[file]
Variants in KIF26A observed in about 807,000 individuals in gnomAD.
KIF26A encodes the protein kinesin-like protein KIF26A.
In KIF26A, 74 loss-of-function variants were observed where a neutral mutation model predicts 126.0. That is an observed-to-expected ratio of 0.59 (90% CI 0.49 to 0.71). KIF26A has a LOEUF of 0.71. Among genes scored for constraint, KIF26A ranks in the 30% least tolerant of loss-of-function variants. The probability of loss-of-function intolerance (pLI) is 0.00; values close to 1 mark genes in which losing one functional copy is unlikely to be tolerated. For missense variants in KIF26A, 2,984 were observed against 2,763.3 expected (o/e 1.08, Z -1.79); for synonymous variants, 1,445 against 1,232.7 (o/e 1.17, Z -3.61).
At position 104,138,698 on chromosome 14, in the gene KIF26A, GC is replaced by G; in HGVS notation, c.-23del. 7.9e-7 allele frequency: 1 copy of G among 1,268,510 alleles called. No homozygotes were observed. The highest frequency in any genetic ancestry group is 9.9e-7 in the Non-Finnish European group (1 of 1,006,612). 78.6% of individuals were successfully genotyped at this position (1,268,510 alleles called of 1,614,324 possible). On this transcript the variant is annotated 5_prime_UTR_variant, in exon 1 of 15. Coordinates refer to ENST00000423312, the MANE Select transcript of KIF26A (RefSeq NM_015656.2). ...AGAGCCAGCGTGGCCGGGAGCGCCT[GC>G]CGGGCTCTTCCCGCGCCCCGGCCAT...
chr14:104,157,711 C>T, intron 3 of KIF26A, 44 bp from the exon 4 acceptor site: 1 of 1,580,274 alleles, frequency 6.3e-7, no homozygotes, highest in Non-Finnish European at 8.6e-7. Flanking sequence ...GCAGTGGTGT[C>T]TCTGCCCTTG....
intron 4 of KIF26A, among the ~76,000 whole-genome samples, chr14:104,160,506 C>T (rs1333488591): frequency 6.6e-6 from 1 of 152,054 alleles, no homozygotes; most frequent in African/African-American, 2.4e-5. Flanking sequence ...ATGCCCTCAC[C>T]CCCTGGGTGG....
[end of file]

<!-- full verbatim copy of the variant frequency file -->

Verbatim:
Variants in KIF26A observed in about 807,000 individuals in gnomAD.
KIF26A encodes the protein kinesin-like protein KIF26A.
In KIF26A, 74 loss-of-function variants were observed where a neutral mutation model predicts 126.0. That is an observed-to-expected ratio of 0.59 (90% CI 0.49 to 0.71). KIF26A has a LOEUF of 0.71. Among genes scored for constraint, KIF26A ranks in the 30% least tolerant of loss-of-function variants. The probability of loss-of-function intolerance (pLI) is 0.00; values close to 1 mark genes in which losing one functional copy is unlikely to be tolerated. For missense variants in KIF26A, 2,984 were observed against 2,763.3 expected (o/e 1.08, Z -1.79); for synonymous variants, 1,445 against 1,232.7 (o/e 1.17, Z -3.61).
At position 104,138,698 on chromosome 14, in the gene KIF26A, GC is replaced by G; in HGVS notation, c.-23del. 7.9e-7 allele frequency: 1 copy of G among 1,268,510 alleles called. No homozygotes were observed. The highest frequency in any genetic ancestry group is 9.9e-7 in the Non-Finnish European group (1 of 1,006,612). 78.6% of individuals were successfully genotyped at this position (1,268,510 alleles called of 1,614,324 possible). On this transcript the variant is annotated 5_prime_UTR_variant, in exon 1 of 15. Coordinates refer to ENST00000423312, the MANE Select transcript of KIF26A (RefSeq NM_015656.2). ...AGAGCCAGCGTGGCCGGGAGCGCCT[GC>G]CGGGCTCTTCCCGCGCCCCGGCCAT...
chr14:104,157,711 C>T, intron 3 of KIF26A, 44 bp from the exon 4 acceptor site: 1 of 1,580,274 alleles, frequency 6.3e-7, no homozygotes, highest in Non-Finnish European at 8.6e-7. Flanking sequence ...GCAGTGGTGT[C>T]TCTGCCCTTG....
intron 4 of KIF26A, among the ~76,000 whole-genome samples, chr14:104,160,506 C>T (rs1333488591): frequency 6.6e-6 from 1 of 152,054 alleles, no homozygotes; most frequent in African/African-American, 2.4e-5. Flanking sequence ...ATGCCCTCAC[C>T]CCCTGGGTGG....